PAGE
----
Women in football seen as 'objects', says Corinne Diacre
Last Updated: 18/12/18 6:55am
France coach Corinne Diacre says women in football still face a struggle for acceptance and are often seen as "objects".
Diacre made history when she became the first female coach of a French men's professional team in 2014, and she is now hoping to guide Les Bleues to the women's World Cup title next year on home soil.
But the former France captain, who amassed 121 caps and 14 international goals - including the strike that took France to their maiden World Cup in 2003 - said it hadn't been an easy journey.
"When I started in football in the 1980s, it was very rare to see a girl playing, we were really looked down upon. Because football was supposedly restricted to men," she said.
"But unfortunately there are still too many negative things in football. (Not just) sexism, but I also hear a lot of talk about racism and these are things that are very difficult to put up with in 2018."
Diacre was speaking in Hong Kong during a FIFA-organised trip to work with Chan Yuen-ting, another history-maker who, in 2016, became the first woman coach to win a top-flight men's championship.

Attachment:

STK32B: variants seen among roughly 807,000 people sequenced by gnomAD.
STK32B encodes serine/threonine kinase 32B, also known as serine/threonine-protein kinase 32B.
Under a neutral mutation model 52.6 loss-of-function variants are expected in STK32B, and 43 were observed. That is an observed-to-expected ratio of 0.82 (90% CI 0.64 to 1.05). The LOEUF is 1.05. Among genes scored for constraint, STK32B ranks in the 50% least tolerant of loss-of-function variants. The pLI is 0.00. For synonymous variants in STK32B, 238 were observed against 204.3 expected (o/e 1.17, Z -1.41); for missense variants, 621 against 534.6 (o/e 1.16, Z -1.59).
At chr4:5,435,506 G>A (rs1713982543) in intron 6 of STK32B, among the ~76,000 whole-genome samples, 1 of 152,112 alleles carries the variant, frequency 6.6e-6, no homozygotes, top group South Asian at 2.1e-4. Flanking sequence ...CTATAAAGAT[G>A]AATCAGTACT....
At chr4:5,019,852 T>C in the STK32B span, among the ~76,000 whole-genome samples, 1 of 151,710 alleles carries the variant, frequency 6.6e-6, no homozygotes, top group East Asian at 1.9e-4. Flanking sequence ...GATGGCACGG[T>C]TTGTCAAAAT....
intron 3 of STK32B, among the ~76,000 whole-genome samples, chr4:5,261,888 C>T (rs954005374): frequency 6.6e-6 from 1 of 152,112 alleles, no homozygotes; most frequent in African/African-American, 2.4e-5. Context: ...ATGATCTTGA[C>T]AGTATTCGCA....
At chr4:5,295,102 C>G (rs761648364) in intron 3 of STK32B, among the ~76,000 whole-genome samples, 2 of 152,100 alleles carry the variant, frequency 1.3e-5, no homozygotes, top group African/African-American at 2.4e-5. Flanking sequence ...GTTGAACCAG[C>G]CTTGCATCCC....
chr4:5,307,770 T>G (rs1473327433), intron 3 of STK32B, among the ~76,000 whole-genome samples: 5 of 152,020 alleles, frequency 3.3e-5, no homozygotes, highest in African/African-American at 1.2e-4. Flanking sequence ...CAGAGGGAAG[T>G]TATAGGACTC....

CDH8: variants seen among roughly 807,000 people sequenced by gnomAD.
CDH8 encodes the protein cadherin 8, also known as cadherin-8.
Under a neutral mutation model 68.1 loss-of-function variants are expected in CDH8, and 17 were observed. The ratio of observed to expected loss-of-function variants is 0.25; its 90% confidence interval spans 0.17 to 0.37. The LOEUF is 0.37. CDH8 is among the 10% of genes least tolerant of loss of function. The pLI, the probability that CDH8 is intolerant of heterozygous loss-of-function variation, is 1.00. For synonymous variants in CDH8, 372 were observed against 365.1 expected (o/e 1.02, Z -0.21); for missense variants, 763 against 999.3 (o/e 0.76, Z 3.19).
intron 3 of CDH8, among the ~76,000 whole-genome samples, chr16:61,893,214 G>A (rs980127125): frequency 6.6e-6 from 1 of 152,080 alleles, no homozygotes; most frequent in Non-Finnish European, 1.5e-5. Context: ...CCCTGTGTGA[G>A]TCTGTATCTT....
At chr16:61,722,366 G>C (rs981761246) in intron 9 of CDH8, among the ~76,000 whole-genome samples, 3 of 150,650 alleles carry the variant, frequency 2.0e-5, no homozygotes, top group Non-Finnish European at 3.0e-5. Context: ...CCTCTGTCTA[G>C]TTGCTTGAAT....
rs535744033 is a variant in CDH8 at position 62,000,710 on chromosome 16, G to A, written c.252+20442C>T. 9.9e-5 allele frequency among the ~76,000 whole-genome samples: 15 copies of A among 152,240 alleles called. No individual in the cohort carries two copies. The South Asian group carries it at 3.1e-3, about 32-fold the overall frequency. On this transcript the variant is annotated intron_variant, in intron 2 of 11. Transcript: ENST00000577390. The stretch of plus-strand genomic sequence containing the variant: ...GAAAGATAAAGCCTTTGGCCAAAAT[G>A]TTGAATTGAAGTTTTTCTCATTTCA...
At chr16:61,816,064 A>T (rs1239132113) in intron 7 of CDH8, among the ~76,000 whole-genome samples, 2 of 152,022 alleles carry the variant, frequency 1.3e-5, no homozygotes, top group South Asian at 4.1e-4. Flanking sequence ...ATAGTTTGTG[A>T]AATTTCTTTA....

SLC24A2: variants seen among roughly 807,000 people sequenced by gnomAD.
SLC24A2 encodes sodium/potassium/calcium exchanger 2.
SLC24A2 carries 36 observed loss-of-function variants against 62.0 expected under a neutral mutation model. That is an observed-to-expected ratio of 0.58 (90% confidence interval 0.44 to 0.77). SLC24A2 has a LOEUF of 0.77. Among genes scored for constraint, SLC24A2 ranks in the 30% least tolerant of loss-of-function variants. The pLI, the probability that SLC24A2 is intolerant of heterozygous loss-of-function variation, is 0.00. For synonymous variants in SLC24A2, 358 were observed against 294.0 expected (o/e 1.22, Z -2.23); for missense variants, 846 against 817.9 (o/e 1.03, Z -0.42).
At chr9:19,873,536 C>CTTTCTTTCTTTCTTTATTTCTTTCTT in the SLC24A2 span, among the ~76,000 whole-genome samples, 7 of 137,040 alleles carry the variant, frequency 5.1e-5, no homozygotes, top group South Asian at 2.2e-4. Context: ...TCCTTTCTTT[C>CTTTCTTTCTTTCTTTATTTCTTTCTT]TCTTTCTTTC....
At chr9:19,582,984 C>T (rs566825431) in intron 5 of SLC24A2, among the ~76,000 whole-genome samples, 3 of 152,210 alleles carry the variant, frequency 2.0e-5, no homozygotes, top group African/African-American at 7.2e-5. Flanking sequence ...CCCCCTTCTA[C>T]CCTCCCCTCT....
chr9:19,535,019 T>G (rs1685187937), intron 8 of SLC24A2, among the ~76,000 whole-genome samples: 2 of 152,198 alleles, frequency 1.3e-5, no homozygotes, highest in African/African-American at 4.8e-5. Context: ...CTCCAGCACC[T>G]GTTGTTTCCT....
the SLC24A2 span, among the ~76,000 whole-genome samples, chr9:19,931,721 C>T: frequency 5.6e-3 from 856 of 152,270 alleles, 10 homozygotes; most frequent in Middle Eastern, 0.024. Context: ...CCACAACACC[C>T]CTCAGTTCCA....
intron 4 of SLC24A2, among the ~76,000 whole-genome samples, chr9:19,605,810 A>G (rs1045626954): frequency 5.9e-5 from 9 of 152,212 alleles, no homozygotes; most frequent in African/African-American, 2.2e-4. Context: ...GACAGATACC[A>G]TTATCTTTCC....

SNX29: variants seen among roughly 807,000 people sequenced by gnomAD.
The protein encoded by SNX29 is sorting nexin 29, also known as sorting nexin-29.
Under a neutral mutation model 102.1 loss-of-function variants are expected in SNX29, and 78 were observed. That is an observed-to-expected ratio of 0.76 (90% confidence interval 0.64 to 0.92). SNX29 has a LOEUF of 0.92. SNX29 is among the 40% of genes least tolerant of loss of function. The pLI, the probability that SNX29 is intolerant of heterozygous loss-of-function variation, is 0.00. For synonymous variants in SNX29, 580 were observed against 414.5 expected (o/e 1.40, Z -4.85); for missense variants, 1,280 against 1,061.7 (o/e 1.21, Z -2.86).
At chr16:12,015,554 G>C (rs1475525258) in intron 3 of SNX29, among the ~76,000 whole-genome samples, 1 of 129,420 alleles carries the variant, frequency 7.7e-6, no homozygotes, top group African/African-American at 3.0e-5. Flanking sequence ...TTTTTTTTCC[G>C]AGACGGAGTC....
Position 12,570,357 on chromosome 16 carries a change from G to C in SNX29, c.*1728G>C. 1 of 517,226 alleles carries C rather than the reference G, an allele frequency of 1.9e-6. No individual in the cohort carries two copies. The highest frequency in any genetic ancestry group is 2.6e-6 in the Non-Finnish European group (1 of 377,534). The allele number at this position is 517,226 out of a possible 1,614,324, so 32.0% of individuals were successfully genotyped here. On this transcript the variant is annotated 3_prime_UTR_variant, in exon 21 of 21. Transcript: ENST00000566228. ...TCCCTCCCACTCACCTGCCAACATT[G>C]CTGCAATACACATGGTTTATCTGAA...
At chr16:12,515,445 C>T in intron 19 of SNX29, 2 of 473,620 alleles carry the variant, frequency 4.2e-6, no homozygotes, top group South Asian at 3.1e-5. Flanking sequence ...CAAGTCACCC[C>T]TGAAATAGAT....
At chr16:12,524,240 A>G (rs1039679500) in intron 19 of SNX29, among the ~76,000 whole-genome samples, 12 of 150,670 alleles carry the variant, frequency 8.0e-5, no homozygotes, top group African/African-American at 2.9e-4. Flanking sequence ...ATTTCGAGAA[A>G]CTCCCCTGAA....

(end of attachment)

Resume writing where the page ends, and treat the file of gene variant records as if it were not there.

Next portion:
Attitudes to women in football came into focus this month when Ada Hegerberg, the first female winner of the prestigious Ballon d'Or, was asked as she received her award if she knew how to "twerk".
"Quite honestly, we're confronted by that kind of thing every day. I want to tell you that today nothing shocks me," said Diacre, who coached men's team Clermont in the French second tier for three seasons.
"Today, women are still objects," she added. "You still get asked questions about things that to my eyes are quite frankly completely ridiculous but we still have to fight today about these issues.
"But we women in football today focus on the important things - that is, our passion for football, and that's all we are about today."